2. What about all the packaged foods advertised as 'plant-based'?
The emphasis on eating whole foods on a plant-based diet raises the question of what to make of all the packaged plant-based products on the market, from kale chips to meat-free burgers.
"So many diets that are restrictive or have a buzz name have nothing in their description about the quality of their food and that’s something that is really important," said Deirdre Tobias, assistant professor in the department of nutrition at Harvard School of Public Health. "A lot of these plant-based products might still be highly processed and have a lot of sodium and saturated fats."
"Be careful about plant-based being used as a marketing tool," she said.
Tobias recommends being a "savvy shopper" and shopping for your plant-based diet in the produce aisle.
"Make your own plant-based foods because vegetables are there for you," she said. "You don’t have to be purchasing packaged, processed foods."
3. Are there any downsides to a plant-based diet?
Not really, according to the experts.
"For heart disease, diabetes, cancer, all of the major chronic diseases, there are no downsides to eliminating meat products from your diet for any of those," said Tobias. "If anything, the evidence shows that by going plant-based you would be benefiting your long-term survival and reducing the risk of those diseases."
"Fruits and vegetables, fiber, nuts and legume have also all been proven to be good for weight loss and to keep weight off long-term," she said.
Is there a way to be plant-based but still eat some meat?
Yes, the definition of plant-based is that your diet is based on plants but allows room for other foods from time to time.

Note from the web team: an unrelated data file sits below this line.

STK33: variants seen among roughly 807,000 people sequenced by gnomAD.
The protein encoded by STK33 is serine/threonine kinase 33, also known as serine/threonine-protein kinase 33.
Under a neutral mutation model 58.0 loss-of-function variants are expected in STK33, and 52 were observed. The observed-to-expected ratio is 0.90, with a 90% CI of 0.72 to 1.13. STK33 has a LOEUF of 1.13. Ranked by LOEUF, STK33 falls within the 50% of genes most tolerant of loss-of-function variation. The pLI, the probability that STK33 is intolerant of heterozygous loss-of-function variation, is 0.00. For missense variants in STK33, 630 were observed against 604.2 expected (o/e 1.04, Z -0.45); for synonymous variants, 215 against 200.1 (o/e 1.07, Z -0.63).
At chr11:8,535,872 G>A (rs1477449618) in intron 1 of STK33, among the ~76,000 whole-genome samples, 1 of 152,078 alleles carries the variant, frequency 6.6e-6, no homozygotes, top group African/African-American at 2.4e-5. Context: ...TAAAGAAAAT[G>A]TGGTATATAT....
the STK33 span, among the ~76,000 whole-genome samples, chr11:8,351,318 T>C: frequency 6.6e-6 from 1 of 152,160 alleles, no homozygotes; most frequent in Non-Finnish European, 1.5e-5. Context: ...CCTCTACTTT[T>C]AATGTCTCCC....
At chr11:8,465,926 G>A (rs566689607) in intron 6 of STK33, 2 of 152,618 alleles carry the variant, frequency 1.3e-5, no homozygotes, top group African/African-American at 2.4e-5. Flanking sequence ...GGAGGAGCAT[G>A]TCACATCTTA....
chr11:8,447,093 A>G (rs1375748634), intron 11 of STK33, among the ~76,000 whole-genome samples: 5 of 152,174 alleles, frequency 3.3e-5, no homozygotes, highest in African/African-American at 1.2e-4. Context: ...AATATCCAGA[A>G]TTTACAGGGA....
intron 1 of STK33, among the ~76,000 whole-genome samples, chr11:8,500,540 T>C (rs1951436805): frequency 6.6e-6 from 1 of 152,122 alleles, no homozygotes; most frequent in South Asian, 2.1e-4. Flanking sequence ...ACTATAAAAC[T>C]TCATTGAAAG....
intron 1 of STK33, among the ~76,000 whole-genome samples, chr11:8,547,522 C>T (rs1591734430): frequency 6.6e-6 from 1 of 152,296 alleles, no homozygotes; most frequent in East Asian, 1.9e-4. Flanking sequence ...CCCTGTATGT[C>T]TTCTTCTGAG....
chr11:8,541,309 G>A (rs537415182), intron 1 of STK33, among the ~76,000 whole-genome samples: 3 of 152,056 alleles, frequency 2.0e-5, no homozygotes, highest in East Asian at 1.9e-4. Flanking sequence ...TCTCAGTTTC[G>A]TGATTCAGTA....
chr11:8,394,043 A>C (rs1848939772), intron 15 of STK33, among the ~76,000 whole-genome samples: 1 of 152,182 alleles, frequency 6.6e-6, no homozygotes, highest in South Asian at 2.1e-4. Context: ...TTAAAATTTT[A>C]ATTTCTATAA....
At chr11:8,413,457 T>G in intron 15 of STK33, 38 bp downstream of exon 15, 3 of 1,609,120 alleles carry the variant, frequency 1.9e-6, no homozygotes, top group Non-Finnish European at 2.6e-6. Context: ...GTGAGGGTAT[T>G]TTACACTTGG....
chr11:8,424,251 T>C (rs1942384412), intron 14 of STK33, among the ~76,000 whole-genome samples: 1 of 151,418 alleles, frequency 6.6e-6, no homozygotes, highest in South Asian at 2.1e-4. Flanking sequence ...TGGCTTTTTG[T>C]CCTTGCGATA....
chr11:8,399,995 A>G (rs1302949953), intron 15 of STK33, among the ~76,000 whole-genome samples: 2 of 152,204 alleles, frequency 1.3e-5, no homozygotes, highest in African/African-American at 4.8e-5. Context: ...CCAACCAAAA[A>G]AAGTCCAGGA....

"If you’re not ready to give up meat entirely, still even reducing it to once in a while would have a lot of great benefits," said Tobias. "The science isn’t there to say a steak or a burger once in a while is horrible for you, it’s the daily consumption that’s problematic."
One option is the flexitarian diet which encourages people to try alternative meat options, like tofu, but leaves room for flexibility if you can't quite fully give up meat. The diet was promoted by dietitian Dawn Jackson Blatner in a 2009 book that says you can reap the benefits of a plant-heavy diet even if you eat meat occasionally, according to U.S. News and World Report, which ranked the diet No. 2 on its 2022 best diets list.
This plant-heavy diet focuses on adding five food groups -- "new meat," fruits and vegetables, whole grains, dairy and sugar and spices -- to your diet, instead of taking foods away.
The "new meat" food group includes tofu, beans, lentils, peas, nuts, seeds and eggs, according to U.S. News and World Report.
4. How do I know if a plant-based diet is right for me?
You'll know a plant-based diet is working for you if you feel well and you are able to stick to it long-term, according to Dr. Fatima Cody Stanford, an obesity medicine physician scientist at Harvard Medical School.
"Your body has the answers," said Stanford. "Pay attention to your body and don’t pay attention to someone else and how they say their body responded."
The experts also noted there may be some trial and error involved so stay open to finding what works best for you.